Wallace gums up about Nets

NEW YORK -- Before a reporter could even get through his first question, Gerald Wallace interjected.

"I don't want to talk about Brooklyn, so if you've got any questions about Brooklyn, I'm not going to answer them," he said.

Well ... umm ... so how about this weather?

As the Celtics (10-12) prepare to visit the Nets (6-14), reporters obviously wanted to know how Wallace felt about playing his former team. And while Wallace has been outspoken on plenty of topics, he has shown no interest in talking about his time in Brooklyn ever since training camp started. He maintained that Brooklyn silence on Monday after the Celtics went through an offday workout at Baruch College in the Flatiron District of Manhattan.

A reporter wondered if Wallace's gag order had come internally.

"That was suggested by my mom," said Wallace. "Keep my mouth shut. So I don't want to talk about it."

You'll remember Wallace got fined $10,000 by the NBA for dropping an expletive into his postgame thoughts after a tough loss to the Rockets. You can't help but wonder if he'd have a few choice words after what many perceived as a down year with the Nets.

Wallace did add, "Once [his mother] found out we play [the Nets on Tuesday], she was like, 'Keep your mouth shut.' She told me to put a piece of gum in my mouth, but they took all the gum off the table, so I'm just going to keep it to myself."

Wallace was, however, happy to expound on these surging Celtics, who have won six of their last eight games and sit atop the Atlantic Division (with a three-game lead over that team that Wallace won't talk about, no less).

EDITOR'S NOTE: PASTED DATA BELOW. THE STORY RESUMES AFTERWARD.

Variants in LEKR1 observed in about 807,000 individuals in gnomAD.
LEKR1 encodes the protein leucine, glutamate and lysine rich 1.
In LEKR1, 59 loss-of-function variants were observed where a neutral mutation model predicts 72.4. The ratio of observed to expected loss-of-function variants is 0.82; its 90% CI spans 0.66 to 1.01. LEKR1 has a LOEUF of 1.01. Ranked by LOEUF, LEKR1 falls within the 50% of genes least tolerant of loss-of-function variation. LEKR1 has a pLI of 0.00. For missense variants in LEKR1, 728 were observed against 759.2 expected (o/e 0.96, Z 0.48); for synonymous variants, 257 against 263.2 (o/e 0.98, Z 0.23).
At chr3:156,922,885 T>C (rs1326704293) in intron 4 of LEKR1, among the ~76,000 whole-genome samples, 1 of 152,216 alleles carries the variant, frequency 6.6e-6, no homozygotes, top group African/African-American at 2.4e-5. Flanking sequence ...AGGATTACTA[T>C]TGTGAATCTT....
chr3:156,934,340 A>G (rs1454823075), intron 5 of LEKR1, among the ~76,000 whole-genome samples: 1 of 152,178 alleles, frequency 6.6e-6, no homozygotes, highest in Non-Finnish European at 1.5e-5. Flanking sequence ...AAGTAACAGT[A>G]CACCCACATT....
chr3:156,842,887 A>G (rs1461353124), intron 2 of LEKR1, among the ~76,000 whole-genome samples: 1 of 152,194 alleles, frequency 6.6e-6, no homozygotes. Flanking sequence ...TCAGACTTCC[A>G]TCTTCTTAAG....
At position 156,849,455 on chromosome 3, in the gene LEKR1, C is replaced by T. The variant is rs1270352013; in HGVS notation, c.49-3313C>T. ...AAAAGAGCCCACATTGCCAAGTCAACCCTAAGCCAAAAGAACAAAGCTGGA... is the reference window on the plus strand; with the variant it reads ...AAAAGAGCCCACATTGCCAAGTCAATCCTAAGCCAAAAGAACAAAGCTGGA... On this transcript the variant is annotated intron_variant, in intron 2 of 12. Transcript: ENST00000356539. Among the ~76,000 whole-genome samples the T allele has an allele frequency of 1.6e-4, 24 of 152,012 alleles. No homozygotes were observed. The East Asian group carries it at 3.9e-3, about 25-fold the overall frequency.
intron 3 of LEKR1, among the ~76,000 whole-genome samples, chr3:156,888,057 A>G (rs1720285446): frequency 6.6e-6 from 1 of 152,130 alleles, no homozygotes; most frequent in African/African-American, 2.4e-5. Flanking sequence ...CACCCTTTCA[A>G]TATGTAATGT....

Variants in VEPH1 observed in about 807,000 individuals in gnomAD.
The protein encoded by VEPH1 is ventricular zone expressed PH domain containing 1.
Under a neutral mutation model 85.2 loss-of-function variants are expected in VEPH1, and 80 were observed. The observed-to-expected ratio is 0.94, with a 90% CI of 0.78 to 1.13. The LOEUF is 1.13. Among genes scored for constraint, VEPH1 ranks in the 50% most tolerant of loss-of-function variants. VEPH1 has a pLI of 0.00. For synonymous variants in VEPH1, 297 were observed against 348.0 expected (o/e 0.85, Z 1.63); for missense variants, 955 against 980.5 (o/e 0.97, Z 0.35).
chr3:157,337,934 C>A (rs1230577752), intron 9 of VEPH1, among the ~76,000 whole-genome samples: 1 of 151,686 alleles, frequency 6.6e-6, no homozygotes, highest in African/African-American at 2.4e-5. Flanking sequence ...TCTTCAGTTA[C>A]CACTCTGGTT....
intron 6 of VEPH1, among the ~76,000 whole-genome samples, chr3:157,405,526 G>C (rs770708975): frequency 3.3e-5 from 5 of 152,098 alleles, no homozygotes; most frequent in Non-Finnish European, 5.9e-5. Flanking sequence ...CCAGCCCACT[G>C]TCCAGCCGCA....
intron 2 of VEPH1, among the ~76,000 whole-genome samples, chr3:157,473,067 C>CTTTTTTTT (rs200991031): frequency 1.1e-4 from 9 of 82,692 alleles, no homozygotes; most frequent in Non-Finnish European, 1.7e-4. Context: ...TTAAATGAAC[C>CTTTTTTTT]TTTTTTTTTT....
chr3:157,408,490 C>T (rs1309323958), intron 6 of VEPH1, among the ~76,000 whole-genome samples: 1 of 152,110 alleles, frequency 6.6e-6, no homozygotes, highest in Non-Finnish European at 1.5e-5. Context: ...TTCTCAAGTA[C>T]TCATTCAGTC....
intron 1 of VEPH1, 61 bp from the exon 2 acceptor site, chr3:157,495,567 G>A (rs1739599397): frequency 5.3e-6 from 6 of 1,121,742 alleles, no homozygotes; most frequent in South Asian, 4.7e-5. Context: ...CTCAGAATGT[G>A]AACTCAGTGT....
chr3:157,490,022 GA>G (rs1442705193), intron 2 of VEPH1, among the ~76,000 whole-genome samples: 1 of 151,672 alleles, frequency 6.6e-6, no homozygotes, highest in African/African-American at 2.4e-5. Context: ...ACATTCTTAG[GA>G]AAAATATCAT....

Wallace said a hectic November, one that often left him exasperated by the team's inconsistencies, may have been the best thing for this young team. It forced them to bond and learn on the fly, and now it's translating to results on the court.

"Working in a new coach, putting in a new system, and then you add four or five brand new guys to the mix -- I think the first month of the season was a real true test for us," said Wallace. "We played almost, what, [18] games in November? Nineteen games [in the first 31 days]? So it was more of a learning on the job type of situation. I think we improved from it. We got better. We took a bump on the head the first four games. We got better from that. We had some setbacks, and we've came back from that, so I think we've gotten a lot better. That whole month of November was probably the best thing that could have happened to us as a young team."

So what is the ceiling for these transitioning Celtics? Wallace didn't want to look too far ahead, and dipped into the Brad Stevens process-oriented handbook for his answer.

"Our main thing is we just want to keep improving," said Wallace. "We want to keep getting better and better. We came out and had a great game against New York, but we also know we shot great [and] they didn't shoot good. It could easily have been the other way around, so we've got to keep improving, got to keep getting better offensively and keep getting better defensively."

Yes, Wallace didn't want to talk about the Nets, but let's just say that if he was picking a brand of gum to describe his emotions for Monday's game, he'd probably grab a pack of "Extra."